To put this in perspective, we compared Pittsburgh to other regional hub cities in our Benchmark Report (#10-2, March 2010). We found that on a per capita basis, Pittsburgh is spending 50 percent more than our Benchmark City ($1,440 vs. $961). Pittsburgh is spending 22 percent more on police and 30 percent more on fire while collecting 56 percent more in tax revenue than the Benchmark City. Moreover, Pittsburgh’s tax collections are $1,113 per resident compared to $715 per resident in the Benchmark City and have risen 24 percent since 2004.

The 0.3 percent levy will replace the $52 Local Services Tax on those working—commuters and residents—within the City. The Local Services Tax currently generates $13.5 million. Not only will the new levy be expected to replace that revenue stream, but is projected to generate an additional $15 million for City coffers. And now we are told that $15 million more in taxes will solve the problem. Unless there is a strong and unshakeable commitment to lower the City’s expenditure trajectory dramatically another $15 million will never be enough.

Another problem we have is with the Mayor’s comment to the effect that the City needs to "…require (those who don’t live in the city) to pay for their fair share for the services we provide". With his 0.3 percent solution a person making $80,000 per year would pay $240 in new taxes. What exactly are the services consumed that cost this person $240?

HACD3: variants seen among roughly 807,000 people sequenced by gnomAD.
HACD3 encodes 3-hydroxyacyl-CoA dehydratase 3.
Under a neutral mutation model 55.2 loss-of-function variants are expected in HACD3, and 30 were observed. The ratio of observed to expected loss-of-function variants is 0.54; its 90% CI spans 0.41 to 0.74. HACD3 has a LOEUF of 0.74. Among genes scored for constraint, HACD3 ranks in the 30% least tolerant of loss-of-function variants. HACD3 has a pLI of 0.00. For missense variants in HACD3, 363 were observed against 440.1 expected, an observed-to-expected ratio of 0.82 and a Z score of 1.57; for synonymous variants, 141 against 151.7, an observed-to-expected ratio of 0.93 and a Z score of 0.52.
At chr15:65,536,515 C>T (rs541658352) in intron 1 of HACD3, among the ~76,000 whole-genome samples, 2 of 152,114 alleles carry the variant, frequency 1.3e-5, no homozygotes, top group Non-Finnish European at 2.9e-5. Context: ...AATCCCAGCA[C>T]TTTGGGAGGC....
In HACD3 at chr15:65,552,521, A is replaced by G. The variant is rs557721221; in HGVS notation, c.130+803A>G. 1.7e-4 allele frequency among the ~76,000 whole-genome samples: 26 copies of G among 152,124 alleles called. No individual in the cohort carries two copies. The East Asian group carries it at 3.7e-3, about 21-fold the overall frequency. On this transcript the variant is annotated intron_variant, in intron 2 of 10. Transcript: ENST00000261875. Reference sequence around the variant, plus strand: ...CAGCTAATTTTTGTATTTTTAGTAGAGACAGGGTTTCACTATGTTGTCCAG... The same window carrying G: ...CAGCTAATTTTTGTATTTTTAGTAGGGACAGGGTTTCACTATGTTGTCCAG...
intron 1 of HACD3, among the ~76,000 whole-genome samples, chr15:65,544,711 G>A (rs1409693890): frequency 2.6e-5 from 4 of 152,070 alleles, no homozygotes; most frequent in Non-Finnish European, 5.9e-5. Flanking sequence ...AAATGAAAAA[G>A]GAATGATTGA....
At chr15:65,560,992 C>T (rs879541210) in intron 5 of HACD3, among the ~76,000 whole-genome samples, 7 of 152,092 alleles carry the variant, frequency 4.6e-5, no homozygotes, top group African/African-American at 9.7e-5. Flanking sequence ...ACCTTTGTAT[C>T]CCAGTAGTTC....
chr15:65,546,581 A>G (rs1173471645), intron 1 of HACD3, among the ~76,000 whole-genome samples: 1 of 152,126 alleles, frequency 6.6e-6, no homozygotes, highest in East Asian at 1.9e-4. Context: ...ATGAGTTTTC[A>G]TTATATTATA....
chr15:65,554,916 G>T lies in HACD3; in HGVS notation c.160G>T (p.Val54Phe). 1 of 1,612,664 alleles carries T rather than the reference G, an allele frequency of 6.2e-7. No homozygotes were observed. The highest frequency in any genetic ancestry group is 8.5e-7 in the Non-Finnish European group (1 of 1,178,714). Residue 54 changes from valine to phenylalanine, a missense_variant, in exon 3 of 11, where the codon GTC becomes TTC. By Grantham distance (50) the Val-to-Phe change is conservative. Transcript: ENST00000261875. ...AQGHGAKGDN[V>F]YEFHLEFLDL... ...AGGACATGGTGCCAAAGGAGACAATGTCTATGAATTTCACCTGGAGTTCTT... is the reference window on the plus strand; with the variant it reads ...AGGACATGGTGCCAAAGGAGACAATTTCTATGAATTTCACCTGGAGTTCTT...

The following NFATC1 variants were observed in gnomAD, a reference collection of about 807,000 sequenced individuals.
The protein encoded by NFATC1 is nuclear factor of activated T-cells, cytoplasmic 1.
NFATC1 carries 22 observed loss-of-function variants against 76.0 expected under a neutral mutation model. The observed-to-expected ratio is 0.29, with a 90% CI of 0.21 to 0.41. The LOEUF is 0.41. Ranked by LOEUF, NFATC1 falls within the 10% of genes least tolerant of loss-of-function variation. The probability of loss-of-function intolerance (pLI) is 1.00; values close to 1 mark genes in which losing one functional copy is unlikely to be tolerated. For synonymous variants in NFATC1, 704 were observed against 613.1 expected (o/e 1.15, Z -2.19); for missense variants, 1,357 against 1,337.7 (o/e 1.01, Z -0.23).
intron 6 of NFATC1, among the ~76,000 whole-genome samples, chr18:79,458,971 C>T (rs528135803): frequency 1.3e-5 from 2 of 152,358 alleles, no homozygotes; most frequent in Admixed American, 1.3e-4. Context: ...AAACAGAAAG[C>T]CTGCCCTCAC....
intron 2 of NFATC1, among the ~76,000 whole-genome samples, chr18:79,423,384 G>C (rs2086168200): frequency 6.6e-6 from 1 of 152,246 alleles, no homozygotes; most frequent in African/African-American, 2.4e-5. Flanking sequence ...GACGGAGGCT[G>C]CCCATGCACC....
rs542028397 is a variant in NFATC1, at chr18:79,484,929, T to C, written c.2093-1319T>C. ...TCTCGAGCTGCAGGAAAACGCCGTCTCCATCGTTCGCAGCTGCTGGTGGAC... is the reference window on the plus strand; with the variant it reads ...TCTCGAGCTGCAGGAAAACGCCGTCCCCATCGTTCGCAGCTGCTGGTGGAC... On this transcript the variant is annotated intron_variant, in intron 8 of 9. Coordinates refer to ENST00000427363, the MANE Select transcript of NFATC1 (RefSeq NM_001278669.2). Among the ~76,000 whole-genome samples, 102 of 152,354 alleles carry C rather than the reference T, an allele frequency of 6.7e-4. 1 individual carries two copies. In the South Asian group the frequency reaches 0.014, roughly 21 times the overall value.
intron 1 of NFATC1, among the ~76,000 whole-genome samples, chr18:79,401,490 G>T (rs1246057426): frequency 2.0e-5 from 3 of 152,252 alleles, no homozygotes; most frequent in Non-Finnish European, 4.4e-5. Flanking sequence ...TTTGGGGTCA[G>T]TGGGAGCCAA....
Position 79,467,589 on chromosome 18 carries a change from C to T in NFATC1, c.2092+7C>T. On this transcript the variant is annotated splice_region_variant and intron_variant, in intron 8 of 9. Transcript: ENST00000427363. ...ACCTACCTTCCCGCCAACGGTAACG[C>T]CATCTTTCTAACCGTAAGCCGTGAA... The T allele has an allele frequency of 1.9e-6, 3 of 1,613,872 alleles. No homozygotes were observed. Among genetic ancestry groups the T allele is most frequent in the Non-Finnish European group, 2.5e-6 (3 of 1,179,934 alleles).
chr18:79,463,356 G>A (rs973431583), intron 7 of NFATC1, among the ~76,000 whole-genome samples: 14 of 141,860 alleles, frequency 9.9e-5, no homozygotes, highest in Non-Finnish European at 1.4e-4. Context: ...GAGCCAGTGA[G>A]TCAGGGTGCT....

And why do the services consumed by someone making $80,000 cost more than the services consumed by an individual earning $40,000 who would pay only $120 in higher taxes. The logic fails. Furthermore, commuters are paying the nation’s highest parking tax; attendees at sporting and other events pay an amusement tax. Then too, except for government agencies, most commuters work for companies or organizations that rent office space. Through their rent payments those companies are paying City and school property taxes. The companies are also paying a payroll preparation tax tied directly to the pay of their employees. For most companies a significant fraction of those workers are non-residents.